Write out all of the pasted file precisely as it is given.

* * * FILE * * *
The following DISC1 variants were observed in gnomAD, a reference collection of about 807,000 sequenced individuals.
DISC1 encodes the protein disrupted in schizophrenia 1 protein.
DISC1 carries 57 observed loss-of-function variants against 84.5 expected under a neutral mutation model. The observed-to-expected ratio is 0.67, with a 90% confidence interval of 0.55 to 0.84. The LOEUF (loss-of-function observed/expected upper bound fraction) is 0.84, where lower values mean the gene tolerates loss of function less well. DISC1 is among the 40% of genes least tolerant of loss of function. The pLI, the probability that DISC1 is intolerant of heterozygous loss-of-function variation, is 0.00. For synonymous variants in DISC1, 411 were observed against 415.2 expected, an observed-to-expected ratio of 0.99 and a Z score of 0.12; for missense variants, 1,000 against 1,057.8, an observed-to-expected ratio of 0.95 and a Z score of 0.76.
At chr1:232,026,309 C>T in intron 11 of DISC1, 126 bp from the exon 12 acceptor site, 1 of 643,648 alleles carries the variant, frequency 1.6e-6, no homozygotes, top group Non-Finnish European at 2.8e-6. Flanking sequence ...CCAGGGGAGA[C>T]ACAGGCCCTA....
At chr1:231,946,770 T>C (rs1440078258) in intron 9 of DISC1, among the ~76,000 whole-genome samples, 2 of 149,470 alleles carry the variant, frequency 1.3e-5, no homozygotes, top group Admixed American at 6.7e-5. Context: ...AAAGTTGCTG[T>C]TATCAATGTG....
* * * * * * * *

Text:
The following DISC1 variants were observed in gnomAD, a reference collection of about 807,000 sequenced individuals.
DISC1 encodes the protein disrupted in schizophrenia 1 protein.
DISC1 carries 57 observed loss-of-function variants against 84.5 expected under a neutral mutation model. The observed-to-expected ratio is 0.67, with a 90% confidence interval of 0.55 to 0.84. The LOEUF (loss-of-function observed/expected upper bound fraction) is 0.84, where lower values mean the gene tolerates loss of function less well. DISC1 is among the 40% of genes least tolerant of loss of function. The pLI, the probability that DISC1 is intolerant of heterozygous loss-of-function variation, is 0.00. For synonymous variants in DISC1, 411 were observed against 415.2 expected, an observed-to-expected ratio of 0.99 and a Z score of 0.12; for missense variants, 1,000 against 1,057.8, an observed-to-expected ratio of 0.95 and a Z score of 0.76.
At chr1:232,026,309 C>T in intron 11 of DISC1, 126 bp from the exon 12 acceptor site, 1 of 643,648 alleles carries the variant, frequency 1.6e-6, no homozygotes, top group Non-Finnish European at 2.8e-6. Flanking sequence ...CCAGGGGAGA[C>T]ACAGGCCCTA....
At chr1:231,946,770 T>C (rs1440078258) in intron 9 of DISC1, among the ~76,000 whole-genome samples, 2 of 149,470 alleles carry the variant, frequency 1.3e-5, no homozygotes, top group Admixed American at 6.7e-5. Context: ...AAAGTTGCTG[T>C]TATCAATGTG....